With the federal election less than two weeks away, the SMUS Review asked some of our politics and history teachers to write about why it’s important to bring this real-world event into the classroom. As our students (all of whom are not eligible to vote in this election) will have opportunities to exercise their democratic right once they reach 18, we believe it’s important for students to pay attention to the federal election and the issues that our political leaders and representatives are discussing.
by Mr. Bruce Maxwell, History and Law teacher
The federal election is fast approaching, and it is very important for the youth in Canada to be informed about what each of the political parties stand for. In fact, one would probably be hard pressed to find any adult that would suggest that the youth should not be informed, as this is as close to a truism that one could find. This is because it seems obvious that even though many of the Canadian youth (like our SMUS Senior School students) may not be old enough to vote in this election, many of them will become eligible to vote in the next one.
Within the hallowed halls of St. Michaels University School, there has been a conscious effort demonstrated by Senior School staff to bring the federal election into the classroom. Mr. Graham Lilly has invited party representatives from the Victoria electoral district to come and speak to our senior-level students about their political agendas, in terms of what their parties stand for and represent to the voters. These presentations, which encourage student questions, have been very informative.
The fact that we live in a democracy which allows us to demonstrate our ability to elect the political party that we think would best represent us is a luxury. We have learned this through history; Canadian soldiers fought in two World Wars in order to defend our freedom and preserve all of the rights that we are privileged to enjoy every day. This is reason enough for us to get out and vote.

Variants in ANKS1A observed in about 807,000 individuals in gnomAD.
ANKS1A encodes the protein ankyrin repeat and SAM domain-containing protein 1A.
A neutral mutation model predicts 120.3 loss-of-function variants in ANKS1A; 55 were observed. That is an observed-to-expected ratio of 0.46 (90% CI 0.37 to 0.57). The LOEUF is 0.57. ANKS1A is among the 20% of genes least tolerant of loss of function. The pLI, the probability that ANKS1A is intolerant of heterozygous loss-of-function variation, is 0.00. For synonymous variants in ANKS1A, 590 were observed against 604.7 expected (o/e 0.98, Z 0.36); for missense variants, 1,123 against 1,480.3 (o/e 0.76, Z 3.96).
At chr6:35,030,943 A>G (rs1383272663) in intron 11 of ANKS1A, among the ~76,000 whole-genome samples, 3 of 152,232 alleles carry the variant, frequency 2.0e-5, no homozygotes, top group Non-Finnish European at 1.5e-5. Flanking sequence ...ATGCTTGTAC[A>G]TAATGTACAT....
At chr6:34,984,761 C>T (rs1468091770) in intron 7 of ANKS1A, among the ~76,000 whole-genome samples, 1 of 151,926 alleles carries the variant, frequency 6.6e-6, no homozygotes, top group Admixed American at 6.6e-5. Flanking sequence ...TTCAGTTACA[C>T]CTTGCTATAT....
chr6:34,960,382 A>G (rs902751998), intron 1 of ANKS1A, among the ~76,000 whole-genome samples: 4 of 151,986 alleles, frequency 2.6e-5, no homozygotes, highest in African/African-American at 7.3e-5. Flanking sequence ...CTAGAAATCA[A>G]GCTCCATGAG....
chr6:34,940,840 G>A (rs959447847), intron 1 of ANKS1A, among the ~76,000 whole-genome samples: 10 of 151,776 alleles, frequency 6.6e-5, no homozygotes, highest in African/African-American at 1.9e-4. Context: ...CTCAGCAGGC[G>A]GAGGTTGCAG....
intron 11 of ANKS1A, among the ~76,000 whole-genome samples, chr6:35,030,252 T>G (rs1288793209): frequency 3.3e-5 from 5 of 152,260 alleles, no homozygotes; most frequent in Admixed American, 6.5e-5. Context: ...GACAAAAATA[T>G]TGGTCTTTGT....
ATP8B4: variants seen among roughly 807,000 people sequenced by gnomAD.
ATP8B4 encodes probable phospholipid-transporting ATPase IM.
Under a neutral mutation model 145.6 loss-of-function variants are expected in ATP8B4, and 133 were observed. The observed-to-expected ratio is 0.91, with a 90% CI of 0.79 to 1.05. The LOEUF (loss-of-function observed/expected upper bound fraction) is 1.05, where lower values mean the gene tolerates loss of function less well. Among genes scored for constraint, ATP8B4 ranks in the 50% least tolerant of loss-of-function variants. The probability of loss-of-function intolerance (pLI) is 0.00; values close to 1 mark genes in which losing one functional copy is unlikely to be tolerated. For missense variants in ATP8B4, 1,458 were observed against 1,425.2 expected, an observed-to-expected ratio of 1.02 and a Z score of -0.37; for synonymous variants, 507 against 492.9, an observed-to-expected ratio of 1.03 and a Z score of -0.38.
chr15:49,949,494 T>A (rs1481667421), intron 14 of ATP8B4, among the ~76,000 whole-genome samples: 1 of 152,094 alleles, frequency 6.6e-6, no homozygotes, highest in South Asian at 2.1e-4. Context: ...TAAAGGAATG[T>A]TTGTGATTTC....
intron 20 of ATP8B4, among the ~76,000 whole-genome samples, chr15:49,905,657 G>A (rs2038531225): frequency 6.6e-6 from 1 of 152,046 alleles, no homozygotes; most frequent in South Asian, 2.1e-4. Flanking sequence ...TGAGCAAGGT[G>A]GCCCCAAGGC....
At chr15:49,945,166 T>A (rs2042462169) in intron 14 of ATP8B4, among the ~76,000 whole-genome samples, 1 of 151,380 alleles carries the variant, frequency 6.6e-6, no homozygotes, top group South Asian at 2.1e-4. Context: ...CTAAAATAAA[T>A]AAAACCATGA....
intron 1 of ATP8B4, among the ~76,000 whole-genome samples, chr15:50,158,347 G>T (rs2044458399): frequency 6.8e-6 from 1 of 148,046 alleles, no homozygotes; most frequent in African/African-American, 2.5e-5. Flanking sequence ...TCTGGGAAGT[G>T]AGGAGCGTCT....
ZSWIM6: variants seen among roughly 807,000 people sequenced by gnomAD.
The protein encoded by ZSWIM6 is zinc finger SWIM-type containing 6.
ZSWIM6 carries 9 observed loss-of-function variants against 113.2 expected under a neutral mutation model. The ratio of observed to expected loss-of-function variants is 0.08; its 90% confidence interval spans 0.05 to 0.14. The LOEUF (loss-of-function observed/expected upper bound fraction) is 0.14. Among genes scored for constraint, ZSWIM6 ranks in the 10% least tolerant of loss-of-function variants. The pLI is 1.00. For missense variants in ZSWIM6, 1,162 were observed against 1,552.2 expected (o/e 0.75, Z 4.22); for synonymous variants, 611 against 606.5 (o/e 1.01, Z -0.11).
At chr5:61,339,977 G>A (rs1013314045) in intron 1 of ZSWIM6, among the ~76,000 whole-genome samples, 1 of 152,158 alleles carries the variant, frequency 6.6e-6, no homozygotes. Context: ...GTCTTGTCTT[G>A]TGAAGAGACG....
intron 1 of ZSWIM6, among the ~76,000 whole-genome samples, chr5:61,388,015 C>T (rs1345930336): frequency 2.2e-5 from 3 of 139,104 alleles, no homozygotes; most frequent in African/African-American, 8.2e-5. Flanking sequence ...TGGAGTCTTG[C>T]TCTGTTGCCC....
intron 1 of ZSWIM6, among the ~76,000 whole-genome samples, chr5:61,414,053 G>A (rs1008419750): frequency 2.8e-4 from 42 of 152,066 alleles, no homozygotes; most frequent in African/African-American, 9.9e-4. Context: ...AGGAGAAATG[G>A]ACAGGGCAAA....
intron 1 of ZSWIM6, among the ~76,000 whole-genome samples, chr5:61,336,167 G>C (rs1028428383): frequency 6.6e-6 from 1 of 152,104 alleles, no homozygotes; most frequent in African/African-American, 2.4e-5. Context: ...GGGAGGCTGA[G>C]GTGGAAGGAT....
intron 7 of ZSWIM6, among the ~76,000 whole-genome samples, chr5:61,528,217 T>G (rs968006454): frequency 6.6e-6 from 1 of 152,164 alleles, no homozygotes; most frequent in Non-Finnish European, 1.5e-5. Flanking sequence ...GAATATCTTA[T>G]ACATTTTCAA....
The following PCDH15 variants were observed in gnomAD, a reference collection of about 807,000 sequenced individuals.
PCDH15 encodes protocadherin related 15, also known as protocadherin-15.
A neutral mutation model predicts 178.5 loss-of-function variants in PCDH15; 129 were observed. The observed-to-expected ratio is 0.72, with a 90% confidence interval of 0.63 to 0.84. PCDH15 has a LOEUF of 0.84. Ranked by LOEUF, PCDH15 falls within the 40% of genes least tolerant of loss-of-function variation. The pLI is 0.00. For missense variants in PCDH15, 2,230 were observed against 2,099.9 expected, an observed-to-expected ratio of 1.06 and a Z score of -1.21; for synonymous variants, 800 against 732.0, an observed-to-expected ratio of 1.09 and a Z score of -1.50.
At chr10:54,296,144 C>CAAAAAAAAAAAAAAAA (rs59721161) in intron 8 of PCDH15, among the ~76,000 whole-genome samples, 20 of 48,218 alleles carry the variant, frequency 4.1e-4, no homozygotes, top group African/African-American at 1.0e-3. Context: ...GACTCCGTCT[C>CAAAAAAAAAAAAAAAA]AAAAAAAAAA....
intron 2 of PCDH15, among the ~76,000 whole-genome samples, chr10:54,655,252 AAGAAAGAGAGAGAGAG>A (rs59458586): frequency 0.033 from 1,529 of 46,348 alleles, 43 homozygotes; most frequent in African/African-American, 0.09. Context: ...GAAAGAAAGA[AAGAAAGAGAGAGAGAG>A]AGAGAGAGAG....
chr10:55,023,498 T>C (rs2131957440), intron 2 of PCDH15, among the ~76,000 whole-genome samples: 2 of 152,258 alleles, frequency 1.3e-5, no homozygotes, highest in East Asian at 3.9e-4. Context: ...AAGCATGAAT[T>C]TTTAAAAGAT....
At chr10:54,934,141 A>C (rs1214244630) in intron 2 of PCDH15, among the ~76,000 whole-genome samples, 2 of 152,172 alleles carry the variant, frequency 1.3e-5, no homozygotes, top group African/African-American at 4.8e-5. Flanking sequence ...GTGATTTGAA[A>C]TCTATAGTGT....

We should encourage the youth to use their voice and be heard in preparation for when their voices will be more powerful than the generations before and after them. Also, if adults who are eligible to vote make it a point to vote, then we are role-modeling for our youth that they should do the same.
The reality is that voter apathy is a major concern in this country, as we had one of the lowest turnouts in the last federal election. Where did it go wrong? Are Canadians too busy that there is not enough time to vote? Are the political candidates too boring? Are the political parties not relevant to our lives? It is unfortunate that these questions arise. The eligible voting population has lost our voice, so let’s give it to the youth to help us get it back.
The youth of today should be informed about political issues so that they can rectify the low voter turnout in order to get it right, and to ensure that we will always have the truest representation of leadership in this country. We need to have the youth understand the impact of how politics impacts every aspect of our lives. The youth need to comprehend how political decisions are made, and why political parties are different from each other.